In “A Christmas Carol” the term “surplus population” is used to describe people who have been marginalized in our current culture.
It comes into play once, when Ebenezer Scrooge balks at giving money to charity because there are already prisons and workhouses set up to take care of the poor and the homeless. When someone tells him some people would rather die than go to these places, he replies that if that’s the case, they should do so “and decrease the surplus population.”
Later, while the “Ghost of Christmas Present” is educating him on the plight of Bob Cratchit and his family, the spectre tells him he shouldn’t discuss things like “the surplus population” without knowing who, or what, he is talking about.
So what is the surplus population? Does this apply?
“I am a single mother who is enrolled in college, and have many bills to pay. I’m afraid I can’t get (my daughter) anything but my love.”
Naturally, this woman would like to give her daughter something besides just her love at Christmas, especially since she clearly feels the little girl, who is 2 years old, is an exceptionally caring child.
“Awesome,” is the way she describes her child.
“Although at this stage, they refer to them as the ‘terrible 2’s, my daughter has been the most caring, thoughtful and helpful (child) there is.
“When we do grocery shopping, my daughter assists me by carrying one bag all the way to the second floor. She sees that it is too much for me, and she helps me any way she can with her little muscles.
“Also,” the woman wrote, “I see now she cares for her little toys … I wish I could give her everything she wants.”
Perhaps the most poignant part of the letter is the suggestion, on the mother’s part, that she has failed her little girl.
“We ask you, Santa, to give her the things that I have failed to give her. She was a good girl this year and deserves it.”
Unfortunately, Item Santa receives lots of letters like this one, from mothers and fathers who are caught up in that cycle, and where trying to get out of it any way they can often leads to more poverty.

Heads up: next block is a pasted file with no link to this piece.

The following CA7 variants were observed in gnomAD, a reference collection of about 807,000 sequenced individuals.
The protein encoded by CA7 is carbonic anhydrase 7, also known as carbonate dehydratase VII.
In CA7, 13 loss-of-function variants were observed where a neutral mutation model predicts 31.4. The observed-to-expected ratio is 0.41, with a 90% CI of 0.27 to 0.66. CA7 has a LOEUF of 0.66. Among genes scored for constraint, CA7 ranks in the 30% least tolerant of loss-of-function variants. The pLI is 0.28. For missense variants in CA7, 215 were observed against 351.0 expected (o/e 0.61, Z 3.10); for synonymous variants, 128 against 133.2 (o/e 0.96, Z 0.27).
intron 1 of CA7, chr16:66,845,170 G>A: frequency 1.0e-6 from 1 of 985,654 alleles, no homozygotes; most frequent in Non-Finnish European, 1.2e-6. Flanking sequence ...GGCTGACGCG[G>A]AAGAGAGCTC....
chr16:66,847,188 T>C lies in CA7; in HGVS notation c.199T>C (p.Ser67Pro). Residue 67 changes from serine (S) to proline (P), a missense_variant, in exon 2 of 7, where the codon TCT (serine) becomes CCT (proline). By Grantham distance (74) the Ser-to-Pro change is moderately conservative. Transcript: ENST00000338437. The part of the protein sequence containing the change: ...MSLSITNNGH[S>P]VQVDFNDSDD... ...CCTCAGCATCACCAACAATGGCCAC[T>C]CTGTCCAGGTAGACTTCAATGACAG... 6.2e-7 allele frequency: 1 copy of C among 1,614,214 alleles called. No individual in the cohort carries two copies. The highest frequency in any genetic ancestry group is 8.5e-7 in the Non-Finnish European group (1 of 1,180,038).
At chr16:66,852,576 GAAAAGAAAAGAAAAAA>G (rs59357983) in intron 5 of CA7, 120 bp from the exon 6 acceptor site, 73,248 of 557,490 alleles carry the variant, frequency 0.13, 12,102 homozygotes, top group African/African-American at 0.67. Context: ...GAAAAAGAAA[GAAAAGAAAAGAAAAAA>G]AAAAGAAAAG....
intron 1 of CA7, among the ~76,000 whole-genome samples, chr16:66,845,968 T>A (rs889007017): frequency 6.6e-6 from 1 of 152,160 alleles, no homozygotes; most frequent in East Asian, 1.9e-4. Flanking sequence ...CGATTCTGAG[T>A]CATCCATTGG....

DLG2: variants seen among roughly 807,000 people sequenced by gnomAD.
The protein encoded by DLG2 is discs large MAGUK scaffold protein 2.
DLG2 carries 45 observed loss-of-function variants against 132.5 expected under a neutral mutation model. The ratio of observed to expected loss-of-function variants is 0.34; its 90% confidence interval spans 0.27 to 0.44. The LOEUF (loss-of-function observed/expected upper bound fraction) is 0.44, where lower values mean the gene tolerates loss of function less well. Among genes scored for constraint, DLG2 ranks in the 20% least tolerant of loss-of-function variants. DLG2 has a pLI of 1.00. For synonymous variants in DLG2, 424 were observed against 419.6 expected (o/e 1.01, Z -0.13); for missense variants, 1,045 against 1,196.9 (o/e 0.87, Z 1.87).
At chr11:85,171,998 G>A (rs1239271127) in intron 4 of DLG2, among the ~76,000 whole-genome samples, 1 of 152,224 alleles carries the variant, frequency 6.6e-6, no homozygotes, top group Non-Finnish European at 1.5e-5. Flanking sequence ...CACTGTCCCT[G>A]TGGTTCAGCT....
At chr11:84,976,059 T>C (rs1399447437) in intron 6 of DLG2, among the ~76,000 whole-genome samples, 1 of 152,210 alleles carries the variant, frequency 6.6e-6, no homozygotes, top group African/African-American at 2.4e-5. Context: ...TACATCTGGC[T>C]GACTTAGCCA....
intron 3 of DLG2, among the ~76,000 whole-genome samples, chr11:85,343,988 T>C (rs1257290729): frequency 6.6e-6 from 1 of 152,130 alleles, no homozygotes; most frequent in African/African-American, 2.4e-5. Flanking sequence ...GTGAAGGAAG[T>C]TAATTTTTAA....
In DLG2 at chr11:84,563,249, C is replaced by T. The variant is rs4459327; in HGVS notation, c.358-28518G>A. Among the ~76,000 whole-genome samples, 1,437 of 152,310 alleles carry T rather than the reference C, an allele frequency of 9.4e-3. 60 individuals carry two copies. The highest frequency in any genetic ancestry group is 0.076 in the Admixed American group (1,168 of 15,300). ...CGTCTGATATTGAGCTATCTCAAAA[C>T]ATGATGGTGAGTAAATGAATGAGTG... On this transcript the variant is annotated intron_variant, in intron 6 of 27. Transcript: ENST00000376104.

We hope to alleviate this suffering however we can during this season, and we desperately need your help. All throughout Lynn there are people like this mother who have to make hard choices about how to spend their money. There isn’t enough to go around, and something has to give. In this woman’s case, the one thing she doesn’t want to give is her child’s happiness. Can you please help by donating to the Item Santa Fund this year.
It is not too late. In fact, it is never too late.
Now in its 52nd year, the Item Santa fund helps to make Christmas brighter for the needy. To donate, clip the coupon in The Item and mail it, along with your check, to The Item Salvation Army Santa, P.O. Box 5, Lynn, MA 01903. You can visit itemsanta.org to make a donation online.
All donations are listed in Item print editions through the month of December and into 2019, along with a brief message from each donor, if desired.
Those interested in signing up to collect at Santa Island or any business willing to sell stockings should contact David Solimine Sr. or Joel Solimine at 781-595-1492.
NOTE: The application period for aid from Item Santa has closed and The Item does not process applicants. All questions about the program and distribution of gifts should be directed to Salvation Army at 781-598-0673.